Personally I think that Italy and the early works Escher did there, and the discovery of  the possibilities  that these altered perspectives offered, heavily influenced Escher’s later works for which he became world famous: the seemingly  “impossible” ascending and descending staircases and waterfalls and the transitional spaces works like “water and air” where fish become birds and visa versa.

Certainly it may be disputed that Escher didn’t always stick strictly to reality, but in fact I have found that as a general rule most artists don’t… it’s impossible to see every twig and blade of grass in a landscape, real world “litter”  in the broader sense of inconvenient  buildings, people, or the distractions of everyday items are often left out of compositions for cleaner lines, better perspective, balance, light, mood or colour. In a way I love these earlier works even more than the more famous later ones because they document the source of inspiration and reveal that Escher’s genius about “thinking outside the box” was a quirky personality trait present right from the start.

I love quirky and I adore detail… this won’t be my last visit here…

(photograph © Kiwidutch)

(photograph © Kiwidutch)

“Temple of Segesta, Sicily”, 1932 (wood engraving) Note: the block in printing is always opposite to the final printed image of the first photo in this post.

(photograph © Kiwidutch)

(photograph © Kiwidutch)

“Pineta of Calvi, Corsica”, 1933 (woodcut in light grey, dark grey and black, printed from three blocks)

(photograph © Kiwidutch)

(photograph © Kiwidutch)

“Study for Atrani, Coast of Amalfi”,1931 (black chalk,pencil)

(photograph © Kiwidutch)

(photograph © Kiwidutch)

Study for “Atrani, Coast of Amalfi”,1931 (black chalk, pencil)

(photograph © Kiwidutch)

(photograph © Kiwidutch)

“Calvi, the Fishing Town seen from the Citadel, Corsica”, 1933 (wood-engraving)

(photograph © Kiwidutch)

(photograph © Kiwidutch)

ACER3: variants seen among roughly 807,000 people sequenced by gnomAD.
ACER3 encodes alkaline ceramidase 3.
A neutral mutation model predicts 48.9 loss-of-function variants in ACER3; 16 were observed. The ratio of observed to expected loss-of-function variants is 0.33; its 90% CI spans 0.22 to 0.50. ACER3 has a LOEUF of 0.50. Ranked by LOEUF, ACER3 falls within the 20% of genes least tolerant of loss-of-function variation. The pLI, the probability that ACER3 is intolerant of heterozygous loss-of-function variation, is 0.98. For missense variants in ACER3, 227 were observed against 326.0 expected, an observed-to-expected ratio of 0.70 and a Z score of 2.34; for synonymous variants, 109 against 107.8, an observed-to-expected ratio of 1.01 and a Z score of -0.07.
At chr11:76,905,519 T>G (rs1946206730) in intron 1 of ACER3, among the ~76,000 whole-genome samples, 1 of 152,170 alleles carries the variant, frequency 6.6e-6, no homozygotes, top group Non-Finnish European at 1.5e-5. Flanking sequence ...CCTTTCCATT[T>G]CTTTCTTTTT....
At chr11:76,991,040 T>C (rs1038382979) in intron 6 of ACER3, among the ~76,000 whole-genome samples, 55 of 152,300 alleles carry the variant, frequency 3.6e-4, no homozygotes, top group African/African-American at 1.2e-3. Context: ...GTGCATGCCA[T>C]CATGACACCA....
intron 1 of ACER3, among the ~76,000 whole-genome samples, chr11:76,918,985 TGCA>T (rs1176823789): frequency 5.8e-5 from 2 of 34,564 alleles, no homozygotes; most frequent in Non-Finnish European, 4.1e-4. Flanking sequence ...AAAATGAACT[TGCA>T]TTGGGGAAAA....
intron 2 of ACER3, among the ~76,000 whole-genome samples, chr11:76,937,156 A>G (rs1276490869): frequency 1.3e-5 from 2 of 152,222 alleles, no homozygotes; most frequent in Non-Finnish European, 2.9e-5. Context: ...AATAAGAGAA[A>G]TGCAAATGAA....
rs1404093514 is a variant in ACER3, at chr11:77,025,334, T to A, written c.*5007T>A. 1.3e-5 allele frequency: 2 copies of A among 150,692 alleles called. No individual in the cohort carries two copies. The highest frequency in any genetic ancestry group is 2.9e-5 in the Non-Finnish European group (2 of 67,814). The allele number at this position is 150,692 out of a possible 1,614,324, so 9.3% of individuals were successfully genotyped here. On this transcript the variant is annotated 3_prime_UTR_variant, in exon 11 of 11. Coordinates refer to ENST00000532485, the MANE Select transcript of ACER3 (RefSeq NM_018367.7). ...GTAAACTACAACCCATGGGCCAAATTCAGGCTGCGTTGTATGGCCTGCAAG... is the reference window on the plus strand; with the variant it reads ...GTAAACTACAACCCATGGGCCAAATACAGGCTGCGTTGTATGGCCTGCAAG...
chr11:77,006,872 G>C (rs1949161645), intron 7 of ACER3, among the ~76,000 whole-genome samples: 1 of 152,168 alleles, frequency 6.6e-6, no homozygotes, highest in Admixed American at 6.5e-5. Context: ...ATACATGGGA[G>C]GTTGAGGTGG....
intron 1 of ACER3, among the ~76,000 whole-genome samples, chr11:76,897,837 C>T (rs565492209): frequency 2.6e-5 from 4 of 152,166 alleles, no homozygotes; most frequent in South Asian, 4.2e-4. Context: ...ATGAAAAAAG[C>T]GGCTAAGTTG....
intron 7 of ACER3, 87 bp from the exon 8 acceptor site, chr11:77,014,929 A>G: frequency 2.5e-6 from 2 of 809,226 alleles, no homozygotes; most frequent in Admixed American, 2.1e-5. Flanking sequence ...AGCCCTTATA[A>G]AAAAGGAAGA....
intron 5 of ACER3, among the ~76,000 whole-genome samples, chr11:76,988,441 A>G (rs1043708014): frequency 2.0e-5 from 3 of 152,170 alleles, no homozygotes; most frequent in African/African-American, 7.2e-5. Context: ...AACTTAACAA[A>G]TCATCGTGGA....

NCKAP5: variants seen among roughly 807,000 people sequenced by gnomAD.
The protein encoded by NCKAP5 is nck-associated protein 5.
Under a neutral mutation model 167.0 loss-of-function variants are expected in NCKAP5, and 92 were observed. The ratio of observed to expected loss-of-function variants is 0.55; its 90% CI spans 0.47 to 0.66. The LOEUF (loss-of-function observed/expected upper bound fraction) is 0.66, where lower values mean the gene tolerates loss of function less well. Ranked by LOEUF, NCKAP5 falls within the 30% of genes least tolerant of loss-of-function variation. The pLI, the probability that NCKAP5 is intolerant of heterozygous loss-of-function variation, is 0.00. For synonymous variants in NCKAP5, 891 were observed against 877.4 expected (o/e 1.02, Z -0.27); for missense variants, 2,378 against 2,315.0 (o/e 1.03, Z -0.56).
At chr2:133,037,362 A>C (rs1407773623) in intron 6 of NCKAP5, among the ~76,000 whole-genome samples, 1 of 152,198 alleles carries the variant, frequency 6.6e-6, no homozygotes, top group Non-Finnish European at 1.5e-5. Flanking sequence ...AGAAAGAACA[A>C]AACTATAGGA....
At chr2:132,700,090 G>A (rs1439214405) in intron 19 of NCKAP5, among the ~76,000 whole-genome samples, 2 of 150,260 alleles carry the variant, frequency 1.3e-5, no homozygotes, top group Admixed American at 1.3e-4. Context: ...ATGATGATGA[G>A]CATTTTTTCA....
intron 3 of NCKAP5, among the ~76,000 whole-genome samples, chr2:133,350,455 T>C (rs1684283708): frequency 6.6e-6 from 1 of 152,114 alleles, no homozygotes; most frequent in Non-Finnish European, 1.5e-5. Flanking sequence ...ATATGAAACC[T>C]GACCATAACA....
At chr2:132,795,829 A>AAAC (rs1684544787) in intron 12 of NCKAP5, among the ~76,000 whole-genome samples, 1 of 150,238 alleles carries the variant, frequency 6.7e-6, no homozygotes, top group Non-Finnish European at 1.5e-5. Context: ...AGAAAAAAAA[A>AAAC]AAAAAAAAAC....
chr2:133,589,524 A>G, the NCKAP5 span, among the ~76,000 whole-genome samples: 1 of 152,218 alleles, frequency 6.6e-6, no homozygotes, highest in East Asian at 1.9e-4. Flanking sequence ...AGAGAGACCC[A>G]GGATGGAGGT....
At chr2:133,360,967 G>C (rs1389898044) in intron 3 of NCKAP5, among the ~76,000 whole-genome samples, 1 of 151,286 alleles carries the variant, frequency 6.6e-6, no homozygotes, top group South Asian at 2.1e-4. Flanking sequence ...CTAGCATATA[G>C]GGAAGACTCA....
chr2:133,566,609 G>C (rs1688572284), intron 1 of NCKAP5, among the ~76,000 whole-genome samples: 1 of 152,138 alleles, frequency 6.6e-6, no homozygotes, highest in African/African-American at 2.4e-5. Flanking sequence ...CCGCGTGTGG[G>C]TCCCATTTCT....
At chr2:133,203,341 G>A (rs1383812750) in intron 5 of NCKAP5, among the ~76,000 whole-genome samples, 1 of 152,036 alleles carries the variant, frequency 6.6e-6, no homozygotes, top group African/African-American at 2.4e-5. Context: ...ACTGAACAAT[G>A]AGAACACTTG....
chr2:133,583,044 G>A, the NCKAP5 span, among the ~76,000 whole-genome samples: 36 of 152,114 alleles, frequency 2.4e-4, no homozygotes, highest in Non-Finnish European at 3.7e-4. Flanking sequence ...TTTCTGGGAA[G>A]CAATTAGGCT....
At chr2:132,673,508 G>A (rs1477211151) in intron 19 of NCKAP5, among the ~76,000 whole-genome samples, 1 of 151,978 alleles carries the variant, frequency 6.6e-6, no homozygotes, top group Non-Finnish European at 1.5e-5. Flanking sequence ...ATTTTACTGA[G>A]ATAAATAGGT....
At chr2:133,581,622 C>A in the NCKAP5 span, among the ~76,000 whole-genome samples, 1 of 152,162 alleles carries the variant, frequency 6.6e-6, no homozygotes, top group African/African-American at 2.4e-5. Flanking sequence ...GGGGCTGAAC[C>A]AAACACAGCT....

“Nocturnal Rome: Basilica of Constantine”, 1934 (woodcut)

(photograph © Kiwidutch)

(photograph © Kiwidutch)

“Delft, Nieuwe Kerk”, 1939 (woodcut)

(photograph © Kiwidutch)

(photograph © Kiwidutch)

“Delft, Roofs”, 1939 (woodcut)

(photograph © Kiwidutch)

(photograph © Kiwidutch)

“Inside St. Peters’ 1935, (wood engraving)

(photograph © Kiwidutch)

(photograph © Kiwidutch)

(photograph © Kiwidutch)

(photograph © Kiwidutch)

(photograph © Kiwidutch)

(photograph © Kiwidutch)

“Venice”, 1936 (woodcut)

(photograph © Kiwidutch)

(photograph © Kiwidutch)

“Venice”, 1936 (woodcut) Detail…

(photograph © Kiwidutch)

(photograph © Kiwidutch)

“Porta Maria dell’ Ospidale, Ravello”, 1932 (wood engraving)

(photograph © Kiwidutch)

(photograph © Kiwidutch)

“La Mezquita, Córdoba”, 1936 (black and white chalk)

(photograph © Kiwidutch)

(photograph © Kiwidutch)

“Coast of Amalfi” (composition) 1934, (woodcut)

http://www.escherinhetpaleis.nl/

February 3, 2014

Take A Stone, or Wood, Ink And Paper: And Create More Than The Sum Of The Parts…

(photograph © Kiwidutch)

(photograph © Kiwidutch)

I’m continuing my series of blog posts about M.C. Escher and the permanent exhibition that’s located on the Lange Voorhout in The Hague, The Netherlands in the former winter palace of Queen regent Emma of the Netherlands.

I visited here in the summer of 2012 with visiting Singaporean friend “Velvetine” and together we are enjoying both Escher’s works and the beautiful palace they are house in.

There are a few information boards placed around the exhibition and from them I find out: